Me, I have a Munbyn label printer. They’re not too expensive, and super handy when you have to make thermal stickers like mailing labels and bag labels for your small business. The label printer prints via heat, not ink. Thus, it is perfect for this project.

I’ve screenshotted the settings I have found to work: yours may be different! But in my testing I’ve found that you want the label to go slow enough to allow for the plastic to burn away, and a power level in that Goldilocks area of not too hot and not too cold. Too hot will melt too much plastic and you’ll be scraping melted plastic off the heat element of your printer.

Color! This biggest issue with screenprinting is you don’t want your inks to dry on you. In big boi screenprinting at the factory, a lot of inks need to be heat-dried, so they don’t dry superfast. Fancy pants artists often use oil-based inks to print. I phased out all oil-based materials in whatever I’m doing because it smells terrible, gives me a headache, and is a PITA to clean. For our little Print Mocko, we want something that gives us working time and won’t dry faster than we can print. Stampalofi has a great video on making nori paste to extend the working time of acrylic paints. However, if you have them available to you, Speedball’s Block Printing Inks have a moderate working time and are water clean-up. They worked perfectly for this.

A block print roller or brayer. Screenprinting uses a squeegee. I started out using a squeegee for this, but it was MUCH too aggressive for the delicate fiber stencil. I noticed it breaking down after a short while. Finding inspiration from devices like the Edison Mimeograph, I found that using a roller was much better suited to the process. Again, Stampalofi has a great video on using a Lion Menucator, which illustrates the hand-rolled Mimeograph. (If you’re a huge dork like me, check out this filmstrip on “Mimeographing Techniques“. Yessir, us old folks remember getting purple copies in school for our worksheets.) In short, a hard rubber brayer worked great.

A frame of some sort. In my pictures, I used one of these I obtained at Daiso for cheap and cut it up. (Believe me, I’m mulling on how to best over-engineer a reusable 3D printed solution.) For an even cheaper solution cut up an old cereal box and tape your stencil to it.

Paper. You can’t used a toothy/textured paper for this. You’re not gonna get a clear impression. Use something smooth. For this project, I used some generic cardstock I got at HEB. My proofs were done on index cards. Entire project was great for the wallet-area.

General Process

This isn’t an especially detailed tutorial, rather an overview of my process after I manufactured a stencil. I will reiterate that 1) I’m assuming someone endeavoring to make lil’ mimeograph prints is familiar with the general idea behind risographs/mimeographs and B) has checked out linked blogs.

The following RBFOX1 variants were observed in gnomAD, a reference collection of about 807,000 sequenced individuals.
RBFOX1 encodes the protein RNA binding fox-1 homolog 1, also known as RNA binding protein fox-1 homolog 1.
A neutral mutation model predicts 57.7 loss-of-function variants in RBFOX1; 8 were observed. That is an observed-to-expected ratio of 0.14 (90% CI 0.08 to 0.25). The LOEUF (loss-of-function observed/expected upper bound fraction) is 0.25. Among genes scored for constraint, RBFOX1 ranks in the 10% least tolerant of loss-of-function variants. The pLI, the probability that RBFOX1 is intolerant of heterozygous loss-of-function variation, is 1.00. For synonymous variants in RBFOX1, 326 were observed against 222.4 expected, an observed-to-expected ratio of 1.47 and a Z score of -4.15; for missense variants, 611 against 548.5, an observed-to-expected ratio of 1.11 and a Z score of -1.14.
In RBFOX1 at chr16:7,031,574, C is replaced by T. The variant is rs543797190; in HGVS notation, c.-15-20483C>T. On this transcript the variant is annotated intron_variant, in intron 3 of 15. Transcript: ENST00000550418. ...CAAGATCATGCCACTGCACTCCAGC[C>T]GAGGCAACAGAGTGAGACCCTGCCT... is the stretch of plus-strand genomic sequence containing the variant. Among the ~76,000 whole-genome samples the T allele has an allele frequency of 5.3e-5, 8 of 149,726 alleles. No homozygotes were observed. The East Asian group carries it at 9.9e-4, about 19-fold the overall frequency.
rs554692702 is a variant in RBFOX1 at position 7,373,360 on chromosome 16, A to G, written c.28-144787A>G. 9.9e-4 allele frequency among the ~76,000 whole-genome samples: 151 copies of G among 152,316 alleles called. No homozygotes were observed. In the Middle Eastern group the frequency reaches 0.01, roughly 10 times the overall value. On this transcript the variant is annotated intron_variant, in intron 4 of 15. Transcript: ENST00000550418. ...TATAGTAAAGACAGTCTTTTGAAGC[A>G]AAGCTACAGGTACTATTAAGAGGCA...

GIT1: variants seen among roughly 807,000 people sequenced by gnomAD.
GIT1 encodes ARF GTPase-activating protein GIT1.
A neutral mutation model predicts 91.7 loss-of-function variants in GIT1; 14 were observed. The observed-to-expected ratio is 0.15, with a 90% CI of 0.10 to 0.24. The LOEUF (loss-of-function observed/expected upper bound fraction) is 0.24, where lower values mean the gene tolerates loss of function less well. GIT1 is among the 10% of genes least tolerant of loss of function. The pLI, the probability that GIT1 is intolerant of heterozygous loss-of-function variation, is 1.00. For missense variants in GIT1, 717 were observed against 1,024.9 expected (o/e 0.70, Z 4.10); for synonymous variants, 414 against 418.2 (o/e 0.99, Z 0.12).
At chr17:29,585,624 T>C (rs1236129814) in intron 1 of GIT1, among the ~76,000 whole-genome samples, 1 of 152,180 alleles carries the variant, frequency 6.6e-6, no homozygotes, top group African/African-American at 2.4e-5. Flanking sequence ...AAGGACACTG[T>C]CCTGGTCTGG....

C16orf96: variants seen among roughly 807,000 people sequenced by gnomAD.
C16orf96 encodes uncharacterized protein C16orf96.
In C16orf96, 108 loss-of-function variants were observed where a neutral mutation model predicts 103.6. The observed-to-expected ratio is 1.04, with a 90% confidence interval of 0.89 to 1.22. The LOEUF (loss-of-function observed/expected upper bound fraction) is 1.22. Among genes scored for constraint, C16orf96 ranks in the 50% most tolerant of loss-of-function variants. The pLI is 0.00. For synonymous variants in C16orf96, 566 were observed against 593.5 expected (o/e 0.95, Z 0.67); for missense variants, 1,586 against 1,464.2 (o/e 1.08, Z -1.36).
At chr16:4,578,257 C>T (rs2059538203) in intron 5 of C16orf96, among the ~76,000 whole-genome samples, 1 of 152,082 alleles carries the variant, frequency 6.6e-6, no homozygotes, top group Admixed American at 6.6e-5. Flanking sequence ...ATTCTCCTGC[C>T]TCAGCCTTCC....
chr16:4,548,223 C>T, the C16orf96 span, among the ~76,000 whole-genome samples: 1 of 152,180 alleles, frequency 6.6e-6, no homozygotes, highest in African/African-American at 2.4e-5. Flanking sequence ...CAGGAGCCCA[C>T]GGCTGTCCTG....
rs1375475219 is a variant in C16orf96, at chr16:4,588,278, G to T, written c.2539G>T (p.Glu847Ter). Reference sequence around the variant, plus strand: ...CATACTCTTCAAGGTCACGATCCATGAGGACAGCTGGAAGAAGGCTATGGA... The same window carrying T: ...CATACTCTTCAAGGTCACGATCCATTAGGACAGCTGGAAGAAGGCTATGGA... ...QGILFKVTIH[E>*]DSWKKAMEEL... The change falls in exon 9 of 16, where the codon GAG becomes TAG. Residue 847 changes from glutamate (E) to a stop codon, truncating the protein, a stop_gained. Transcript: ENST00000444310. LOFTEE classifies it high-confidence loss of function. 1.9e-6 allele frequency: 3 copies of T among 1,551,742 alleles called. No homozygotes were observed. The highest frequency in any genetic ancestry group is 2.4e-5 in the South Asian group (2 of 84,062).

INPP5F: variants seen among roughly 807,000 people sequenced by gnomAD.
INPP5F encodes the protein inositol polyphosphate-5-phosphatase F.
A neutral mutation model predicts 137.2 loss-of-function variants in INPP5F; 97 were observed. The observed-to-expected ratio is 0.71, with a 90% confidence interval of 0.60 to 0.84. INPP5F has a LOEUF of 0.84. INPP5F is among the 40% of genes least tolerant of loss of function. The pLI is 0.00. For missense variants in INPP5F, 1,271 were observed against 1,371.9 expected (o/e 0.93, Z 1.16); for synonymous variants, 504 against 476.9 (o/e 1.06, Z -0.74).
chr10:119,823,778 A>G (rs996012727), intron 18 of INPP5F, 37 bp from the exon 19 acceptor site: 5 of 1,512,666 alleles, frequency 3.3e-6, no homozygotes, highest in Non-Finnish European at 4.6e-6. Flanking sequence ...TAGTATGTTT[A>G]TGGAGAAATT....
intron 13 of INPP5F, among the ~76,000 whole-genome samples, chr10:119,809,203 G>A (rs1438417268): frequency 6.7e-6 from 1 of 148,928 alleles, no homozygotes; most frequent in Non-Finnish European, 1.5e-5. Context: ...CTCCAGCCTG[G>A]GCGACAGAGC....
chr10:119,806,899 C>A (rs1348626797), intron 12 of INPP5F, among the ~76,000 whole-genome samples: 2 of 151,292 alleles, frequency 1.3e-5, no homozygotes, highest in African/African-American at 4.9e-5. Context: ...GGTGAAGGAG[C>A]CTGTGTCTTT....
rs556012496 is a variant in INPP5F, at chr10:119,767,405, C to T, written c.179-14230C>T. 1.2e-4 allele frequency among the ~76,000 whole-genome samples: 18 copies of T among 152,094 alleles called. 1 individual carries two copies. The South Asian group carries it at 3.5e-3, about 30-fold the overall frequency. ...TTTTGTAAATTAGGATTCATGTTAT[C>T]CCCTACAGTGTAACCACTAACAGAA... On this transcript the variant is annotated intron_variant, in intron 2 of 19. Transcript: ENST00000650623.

Checking fits with my Daiso frame I made. The plastic is soft enough to bend a bit, but stiff enough to provide a nice frame for the stencil to fit into.

In this shot you can barely see where the plastic material has been burned away. Crucially, you will need to do two things when running the stencil material through your printer:

  1. Lay it shiny-side UP
  2. Print the MIRROR IMAGE of whatever it is your are printing.

Evidence of squeegeeing/scraping the ink through the stencil. The entire setup being clear was helpful with half-assed registration.

Lots of little one-color prints! Embrace the lil’ imperfections, for they are what exposes your laziness humanity.

When you’re done with a color, so is your stencil. My aggressive squeegeeing absolutely wore it out, and removing it from the frame completely destroyed it.

After a bit more scraping, I switched to the brayer. The results were MUCH more satisfactory, not to mention less messy. The next project will be brayer-only.

Checking a proof of brayer use. MUCH easier.

Look at all those imperfections! Things definitely crisped up after the brayer. Using the squeegee, you can tell where I was afraid to scrape and ruin the stencil, resulting in less ink deposited.

Mmm…so printy. This is pre-signing and edge-rounding. After that, they will be released into the wild as free art!

Thoughts & Source List

This entire Print Mocko project satisfyingly scratched an instant gratification itch I get now and then. (Pottery is NOT a speedy process!) I can’t wait to experiment with using the Riso stencil material for ceramics, and incorporate some spot colors into my zines.

A condensed list of helpful sources:

  1. Print Gocco – a Wikipedia article
  2. Print Gocco – a demonstration of the cute machine that caught my fancy
  3. Mimeography – a Wikipedia article
  4. Risograph – a Wikipedia article
  5. No Bad Memories – deep dive on Print Gocco and related processes
  6. Stampalofi – helpful videos on the riso stencil process and a mimeography demonstration
  7. An Old Filmstrip – showcasing mimeography techniques

I’m grateful to those who have shared their techniques, sources, and information in keeping old technologies alive in some form or another!

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Maison de Fée